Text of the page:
## NEWS: Adam Ondra climbs Mamichula, 9b

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Adam Ondra has made the first ascent of Mamichulo, hard 9b, which is a link up of Papichulo, 9a+, and Pachamama, hard 9a+.

Adam repeated Pachamama just the other day and went straight to work on his main objective, the linkup. Prior to making the first ascent, he said he thought it would be...

There's a longer vid now of the complete ascent...

with some minimalist bolt clipping going on.
Post edited at 00:09

that move at the end.......arf

Just wondering as a newbie to sport climbing grades, why give it 9b (hard) instead of 9b+? I thought the whole point of the + was to signify its hard for the grade?

The plus signifies a completely different grade, not just a hard one from the previous grade band (slightly confusing i know). So 9b (hard) mean it's hard for a 9b but not quite hard enough for 9b+. The next step up would be a soft 9b+ but that would still be harder that 9b (hard).

Is that like a hard hard very difficult being easier than a soft mild severe? ;)

> Is that like a hard hard very difficult being easier than a soft mild severe? ;)

Or a hard Severe being easier than a Hard Severe. I think the capital letters are crucial.

As La Benya says the plus now signifies a different grade. Though originally in France (where this grading system originated) the plus was just meant to mean exactly what you say: hard for the grade.

However, as the difficulty of all climbs is on a continuum, there seems an inevitability that once used consistently it has to become a different grade. The problem is where do you draw the boundary lines from one grade to the next. If say a plus grade was to represent the to 50% of routes in a grade then it is effectively a new grade.

Another grade that is sometimes used is the infamous slash grade. For example 8a/8a+ or just 8a/+. It's not a proper grade but sometimes used where the the first ascentionist can't decide which of the two grades it is. Likewise Ondra's grade suggestion is that his route is high in the 9b continuum of difficulty.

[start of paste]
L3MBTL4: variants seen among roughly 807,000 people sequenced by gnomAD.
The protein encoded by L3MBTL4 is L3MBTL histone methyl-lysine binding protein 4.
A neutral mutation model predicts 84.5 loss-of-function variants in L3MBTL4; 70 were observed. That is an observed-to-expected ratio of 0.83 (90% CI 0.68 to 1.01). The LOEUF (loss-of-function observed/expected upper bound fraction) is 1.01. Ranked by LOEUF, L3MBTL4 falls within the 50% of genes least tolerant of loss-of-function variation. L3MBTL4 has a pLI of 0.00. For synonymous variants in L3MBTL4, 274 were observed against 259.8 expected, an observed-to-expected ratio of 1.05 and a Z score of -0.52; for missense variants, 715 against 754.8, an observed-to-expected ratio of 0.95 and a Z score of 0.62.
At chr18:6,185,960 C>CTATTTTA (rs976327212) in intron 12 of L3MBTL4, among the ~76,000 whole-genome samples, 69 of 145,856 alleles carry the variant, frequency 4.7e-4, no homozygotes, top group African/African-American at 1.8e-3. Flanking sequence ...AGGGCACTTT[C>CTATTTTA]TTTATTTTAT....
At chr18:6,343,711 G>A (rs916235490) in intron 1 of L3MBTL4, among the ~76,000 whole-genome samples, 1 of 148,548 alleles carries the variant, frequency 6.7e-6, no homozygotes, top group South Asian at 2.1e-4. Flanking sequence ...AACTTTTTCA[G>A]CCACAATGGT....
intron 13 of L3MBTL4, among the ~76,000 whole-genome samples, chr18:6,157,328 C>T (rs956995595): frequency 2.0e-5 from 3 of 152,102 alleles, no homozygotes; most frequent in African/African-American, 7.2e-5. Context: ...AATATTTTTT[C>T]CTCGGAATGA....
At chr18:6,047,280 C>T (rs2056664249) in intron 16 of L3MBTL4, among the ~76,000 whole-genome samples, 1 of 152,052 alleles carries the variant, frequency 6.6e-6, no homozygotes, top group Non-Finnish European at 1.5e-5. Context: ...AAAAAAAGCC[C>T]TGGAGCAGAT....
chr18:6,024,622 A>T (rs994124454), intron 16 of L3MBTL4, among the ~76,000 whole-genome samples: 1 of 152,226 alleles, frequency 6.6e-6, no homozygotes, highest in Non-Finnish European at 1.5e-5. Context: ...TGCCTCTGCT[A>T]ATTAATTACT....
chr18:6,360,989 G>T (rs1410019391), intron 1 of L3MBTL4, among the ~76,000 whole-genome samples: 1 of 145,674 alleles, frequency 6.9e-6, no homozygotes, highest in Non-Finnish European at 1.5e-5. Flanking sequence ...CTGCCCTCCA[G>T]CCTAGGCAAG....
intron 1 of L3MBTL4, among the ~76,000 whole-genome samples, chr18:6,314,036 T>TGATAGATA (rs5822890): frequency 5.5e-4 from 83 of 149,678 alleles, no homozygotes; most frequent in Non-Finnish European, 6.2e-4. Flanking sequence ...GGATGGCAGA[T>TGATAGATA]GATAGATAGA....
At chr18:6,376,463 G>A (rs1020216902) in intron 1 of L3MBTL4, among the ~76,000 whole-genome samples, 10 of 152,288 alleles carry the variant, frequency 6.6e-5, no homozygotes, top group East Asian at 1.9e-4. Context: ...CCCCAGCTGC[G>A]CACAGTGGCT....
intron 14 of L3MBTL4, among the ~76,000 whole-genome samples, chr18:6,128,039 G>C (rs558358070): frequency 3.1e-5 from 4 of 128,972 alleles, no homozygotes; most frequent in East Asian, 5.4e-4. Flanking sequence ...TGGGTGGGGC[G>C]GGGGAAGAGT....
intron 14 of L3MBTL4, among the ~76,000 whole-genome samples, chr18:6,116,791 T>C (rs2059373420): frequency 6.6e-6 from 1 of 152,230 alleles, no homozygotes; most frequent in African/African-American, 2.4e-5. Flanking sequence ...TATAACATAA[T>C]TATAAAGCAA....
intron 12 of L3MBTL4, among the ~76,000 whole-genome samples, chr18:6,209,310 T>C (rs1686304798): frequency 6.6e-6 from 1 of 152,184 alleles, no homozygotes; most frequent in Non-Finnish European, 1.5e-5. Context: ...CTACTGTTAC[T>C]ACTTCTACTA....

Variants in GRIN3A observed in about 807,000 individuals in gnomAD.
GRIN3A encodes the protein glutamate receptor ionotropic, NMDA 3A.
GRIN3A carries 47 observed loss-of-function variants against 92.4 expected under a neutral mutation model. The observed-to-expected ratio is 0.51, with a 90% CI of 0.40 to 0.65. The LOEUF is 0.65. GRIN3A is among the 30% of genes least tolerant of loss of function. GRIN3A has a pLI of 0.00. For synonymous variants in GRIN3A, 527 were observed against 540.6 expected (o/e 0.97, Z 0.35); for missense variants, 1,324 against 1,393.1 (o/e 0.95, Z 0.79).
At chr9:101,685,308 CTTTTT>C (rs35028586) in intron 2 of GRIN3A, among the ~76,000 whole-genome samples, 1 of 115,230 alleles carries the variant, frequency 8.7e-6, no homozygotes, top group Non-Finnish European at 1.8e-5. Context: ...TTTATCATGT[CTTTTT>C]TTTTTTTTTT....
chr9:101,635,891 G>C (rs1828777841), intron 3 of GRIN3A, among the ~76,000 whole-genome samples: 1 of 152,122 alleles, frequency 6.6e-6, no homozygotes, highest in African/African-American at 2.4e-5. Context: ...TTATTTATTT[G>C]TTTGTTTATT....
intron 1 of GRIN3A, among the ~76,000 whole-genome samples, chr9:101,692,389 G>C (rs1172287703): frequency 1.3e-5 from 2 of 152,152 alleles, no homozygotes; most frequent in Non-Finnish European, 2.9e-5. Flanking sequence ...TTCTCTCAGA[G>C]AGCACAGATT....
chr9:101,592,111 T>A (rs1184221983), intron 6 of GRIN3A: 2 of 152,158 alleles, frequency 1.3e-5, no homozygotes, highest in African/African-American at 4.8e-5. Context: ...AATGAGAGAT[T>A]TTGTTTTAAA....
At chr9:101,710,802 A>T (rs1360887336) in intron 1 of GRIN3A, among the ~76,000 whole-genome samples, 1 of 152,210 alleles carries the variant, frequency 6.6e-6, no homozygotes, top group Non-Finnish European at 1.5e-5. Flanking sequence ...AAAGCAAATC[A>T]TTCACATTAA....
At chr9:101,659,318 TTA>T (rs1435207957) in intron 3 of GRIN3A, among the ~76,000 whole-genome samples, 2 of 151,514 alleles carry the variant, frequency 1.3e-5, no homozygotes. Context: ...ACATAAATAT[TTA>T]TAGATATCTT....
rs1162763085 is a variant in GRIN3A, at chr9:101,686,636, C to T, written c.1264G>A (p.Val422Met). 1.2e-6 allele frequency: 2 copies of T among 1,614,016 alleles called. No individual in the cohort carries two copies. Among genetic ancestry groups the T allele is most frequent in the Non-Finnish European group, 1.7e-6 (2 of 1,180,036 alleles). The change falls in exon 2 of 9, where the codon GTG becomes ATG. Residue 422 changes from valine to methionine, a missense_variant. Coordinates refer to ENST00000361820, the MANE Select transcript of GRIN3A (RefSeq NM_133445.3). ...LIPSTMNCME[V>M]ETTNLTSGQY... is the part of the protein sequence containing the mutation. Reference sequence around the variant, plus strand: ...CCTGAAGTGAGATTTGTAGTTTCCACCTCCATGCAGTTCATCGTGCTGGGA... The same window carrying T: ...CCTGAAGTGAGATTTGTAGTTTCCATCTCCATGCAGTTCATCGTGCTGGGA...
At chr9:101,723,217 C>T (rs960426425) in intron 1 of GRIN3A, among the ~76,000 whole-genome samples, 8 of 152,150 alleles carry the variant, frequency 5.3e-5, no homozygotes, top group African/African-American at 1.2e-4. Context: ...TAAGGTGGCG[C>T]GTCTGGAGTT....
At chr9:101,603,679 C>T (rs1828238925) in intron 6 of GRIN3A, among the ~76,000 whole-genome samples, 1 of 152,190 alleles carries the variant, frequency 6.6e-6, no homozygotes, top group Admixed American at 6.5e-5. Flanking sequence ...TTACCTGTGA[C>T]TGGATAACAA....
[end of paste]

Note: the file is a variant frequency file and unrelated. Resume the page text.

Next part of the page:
I'm a little surprised at Ondra's suggestion that this is a hard 9b because it didn't appear to take him long to do. But he usually seems pretty careful with grades so I guess time will tell.

I always enjoy watching Ondra climb. His speed, power and efficiency are so impressive. How often do you see him adjust a foot placement!? He really attacks hard climbs and doesn't hang around....except when he's shaking out in a rest position. And then he can look so relaxed you can almost forget he's 20 degrees overhanging or something! Not to mention the confidence to skip bolts, facing massive lobs if he messes up HARD moves. I guess he's used to that sort of thing, but for a punter like me I'm still thinking "oh, scary".

> I always enjoy watching Ondra climb. His speed, power and efficiency are so impressive.

It sometimes looks like the video has been speeded up (like is very annoyingly done the "boring" bits of some videos), but then you realise he really is climbing that fast when he stops for a shake out and time seems to slow down (unlike in the annoying videos..... ). Awesome to watch.

>.I'm a little surprised at Ondra's suggestion that this is a hard 9b because it didn't appear to take him long to do. But he usually seems pretty careful with grades so I guess time will tell.

Good point, so yeah probably not that much new climbing.

Yeah I love watching him climb too. A really interesting and unique style: ruthlessly efficient, confident and aggressive.

His skipping out bolts is interesting too. I don't think you see it to that degree with other climbers. In an interview I remember Sharma saying he felt he could push himself harder when he was nearer a bolt, which I assume is true for almost everyone. But that doesn't seem to affect Ondra. Seems like he is so focused on the climbing and so motivated to succeed that he doesn't notice it.
In reply to stp: Reckon it's more likely that he knows:
1. Exactly which bits he might fluff if he stops to clip
2. Exactly which bits are safe to take a longer plop from (probably most of the route due to the angle)
And having wired that in he just gets on with it and misses those clips. I guess he only uses them when working the route.

His dropped knee moves are amazing, even more so on that route at Flathanger - Change?

In the 2 grade system, this is a "route I can't do" +